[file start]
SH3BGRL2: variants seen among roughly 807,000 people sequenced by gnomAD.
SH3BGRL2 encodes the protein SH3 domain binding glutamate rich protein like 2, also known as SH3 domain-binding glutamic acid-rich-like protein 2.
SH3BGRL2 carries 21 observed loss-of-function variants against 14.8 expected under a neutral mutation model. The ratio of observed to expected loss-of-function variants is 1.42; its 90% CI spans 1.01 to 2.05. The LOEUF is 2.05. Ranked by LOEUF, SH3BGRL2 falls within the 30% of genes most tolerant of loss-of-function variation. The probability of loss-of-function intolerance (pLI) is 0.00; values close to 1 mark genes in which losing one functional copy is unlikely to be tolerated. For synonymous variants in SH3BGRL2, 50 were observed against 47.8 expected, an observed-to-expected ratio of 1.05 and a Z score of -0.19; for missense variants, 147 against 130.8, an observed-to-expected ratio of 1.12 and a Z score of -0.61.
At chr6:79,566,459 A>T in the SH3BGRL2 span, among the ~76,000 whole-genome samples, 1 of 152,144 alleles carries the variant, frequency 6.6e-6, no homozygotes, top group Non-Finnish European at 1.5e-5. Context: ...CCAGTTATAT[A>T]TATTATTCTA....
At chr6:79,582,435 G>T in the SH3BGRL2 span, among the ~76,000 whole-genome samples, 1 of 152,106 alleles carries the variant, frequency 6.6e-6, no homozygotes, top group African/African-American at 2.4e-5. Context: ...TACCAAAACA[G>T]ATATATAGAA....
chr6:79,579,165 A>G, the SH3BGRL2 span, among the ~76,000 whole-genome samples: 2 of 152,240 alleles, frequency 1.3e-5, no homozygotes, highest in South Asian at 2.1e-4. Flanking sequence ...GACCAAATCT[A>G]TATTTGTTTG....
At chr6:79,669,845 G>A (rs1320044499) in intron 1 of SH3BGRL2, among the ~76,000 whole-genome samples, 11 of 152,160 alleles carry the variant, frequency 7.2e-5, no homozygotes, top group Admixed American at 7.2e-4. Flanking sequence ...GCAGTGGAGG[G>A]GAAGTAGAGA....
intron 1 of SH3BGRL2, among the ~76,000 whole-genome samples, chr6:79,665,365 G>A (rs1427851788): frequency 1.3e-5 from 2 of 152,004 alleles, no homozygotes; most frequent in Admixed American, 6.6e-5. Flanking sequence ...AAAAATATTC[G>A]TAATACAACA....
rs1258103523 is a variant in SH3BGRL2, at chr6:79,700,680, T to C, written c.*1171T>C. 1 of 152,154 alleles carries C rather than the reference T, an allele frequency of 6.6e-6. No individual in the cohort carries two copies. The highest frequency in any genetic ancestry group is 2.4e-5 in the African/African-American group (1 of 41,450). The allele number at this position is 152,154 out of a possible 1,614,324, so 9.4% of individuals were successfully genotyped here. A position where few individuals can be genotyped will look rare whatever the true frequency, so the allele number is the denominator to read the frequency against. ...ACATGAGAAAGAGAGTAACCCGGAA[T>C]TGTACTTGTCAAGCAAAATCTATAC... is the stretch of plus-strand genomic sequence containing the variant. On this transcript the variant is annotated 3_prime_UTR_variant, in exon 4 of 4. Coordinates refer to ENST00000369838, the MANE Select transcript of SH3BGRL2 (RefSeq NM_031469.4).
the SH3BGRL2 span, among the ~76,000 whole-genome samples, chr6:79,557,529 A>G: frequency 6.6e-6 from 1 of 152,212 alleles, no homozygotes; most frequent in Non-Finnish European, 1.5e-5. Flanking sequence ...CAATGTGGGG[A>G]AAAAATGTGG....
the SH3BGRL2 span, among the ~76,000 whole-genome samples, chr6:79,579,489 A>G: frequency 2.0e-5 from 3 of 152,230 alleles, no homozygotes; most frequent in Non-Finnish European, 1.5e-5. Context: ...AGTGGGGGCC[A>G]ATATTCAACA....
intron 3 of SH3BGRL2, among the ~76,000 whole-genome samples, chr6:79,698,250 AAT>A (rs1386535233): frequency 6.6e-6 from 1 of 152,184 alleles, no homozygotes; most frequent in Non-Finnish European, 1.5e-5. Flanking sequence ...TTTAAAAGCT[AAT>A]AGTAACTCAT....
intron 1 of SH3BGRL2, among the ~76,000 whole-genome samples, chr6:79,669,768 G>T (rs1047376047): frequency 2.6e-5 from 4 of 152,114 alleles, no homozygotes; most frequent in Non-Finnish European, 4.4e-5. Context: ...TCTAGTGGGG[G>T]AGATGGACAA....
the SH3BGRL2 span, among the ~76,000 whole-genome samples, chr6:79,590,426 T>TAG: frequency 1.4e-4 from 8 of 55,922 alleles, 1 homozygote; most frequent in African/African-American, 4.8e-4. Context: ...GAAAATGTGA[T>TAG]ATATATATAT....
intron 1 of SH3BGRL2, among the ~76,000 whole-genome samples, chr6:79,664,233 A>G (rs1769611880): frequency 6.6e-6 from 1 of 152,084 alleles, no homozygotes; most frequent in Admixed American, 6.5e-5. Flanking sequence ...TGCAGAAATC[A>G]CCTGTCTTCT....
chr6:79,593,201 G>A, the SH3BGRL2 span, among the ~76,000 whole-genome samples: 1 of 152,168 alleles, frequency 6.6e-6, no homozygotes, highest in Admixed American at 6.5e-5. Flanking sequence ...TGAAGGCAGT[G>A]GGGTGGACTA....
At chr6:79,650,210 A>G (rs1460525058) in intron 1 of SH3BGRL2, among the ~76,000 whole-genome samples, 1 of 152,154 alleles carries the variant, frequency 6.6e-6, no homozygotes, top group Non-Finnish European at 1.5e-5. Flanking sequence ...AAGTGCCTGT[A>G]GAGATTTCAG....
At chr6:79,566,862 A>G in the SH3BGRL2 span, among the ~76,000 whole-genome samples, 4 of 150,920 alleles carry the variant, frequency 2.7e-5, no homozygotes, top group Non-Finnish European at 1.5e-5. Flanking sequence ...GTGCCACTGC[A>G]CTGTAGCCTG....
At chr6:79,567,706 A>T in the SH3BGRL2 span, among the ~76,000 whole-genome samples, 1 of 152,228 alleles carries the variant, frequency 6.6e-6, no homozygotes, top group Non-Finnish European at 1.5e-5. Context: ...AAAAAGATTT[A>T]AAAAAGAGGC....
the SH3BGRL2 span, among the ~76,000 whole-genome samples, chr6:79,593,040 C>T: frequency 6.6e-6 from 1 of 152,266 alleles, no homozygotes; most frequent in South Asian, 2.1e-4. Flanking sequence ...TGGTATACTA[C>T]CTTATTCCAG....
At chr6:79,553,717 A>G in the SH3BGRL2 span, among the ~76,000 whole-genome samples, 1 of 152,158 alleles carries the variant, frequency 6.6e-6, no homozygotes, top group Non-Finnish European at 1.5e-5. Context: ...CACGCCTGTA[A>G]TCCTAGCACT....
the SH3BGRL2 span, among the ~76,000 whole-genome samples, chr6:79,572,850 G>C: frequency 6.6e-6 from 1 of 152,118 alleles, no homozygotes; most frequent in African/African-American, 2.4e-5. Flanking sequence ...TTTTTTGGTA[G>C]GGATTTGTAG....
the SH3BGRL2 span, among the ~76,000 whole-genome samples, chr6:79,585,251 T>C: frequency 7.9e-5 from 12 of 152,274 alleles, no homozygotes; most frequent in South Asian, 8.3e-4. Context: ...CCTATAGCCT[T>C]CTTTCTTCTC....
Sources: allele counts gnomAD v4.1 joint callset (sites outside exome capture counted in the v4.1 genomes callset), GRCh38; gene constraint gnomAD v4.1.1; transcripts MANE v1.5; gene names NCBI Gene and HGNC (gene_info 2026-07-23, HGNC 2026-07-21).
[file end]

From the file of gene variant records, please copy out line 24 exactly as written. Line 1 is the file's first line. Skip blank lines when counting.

Sources: allele counts gnomAD v4.1 joint callset (sites outside exome capture counted in the v4.1 genomes callset), GRCh38; gene constraint gnomAD v4.1.1; transcripts MANE v1.5; gene names NCBI Gene and HGNC (gene_info 2026-07-23, HGNC 2026-07-21).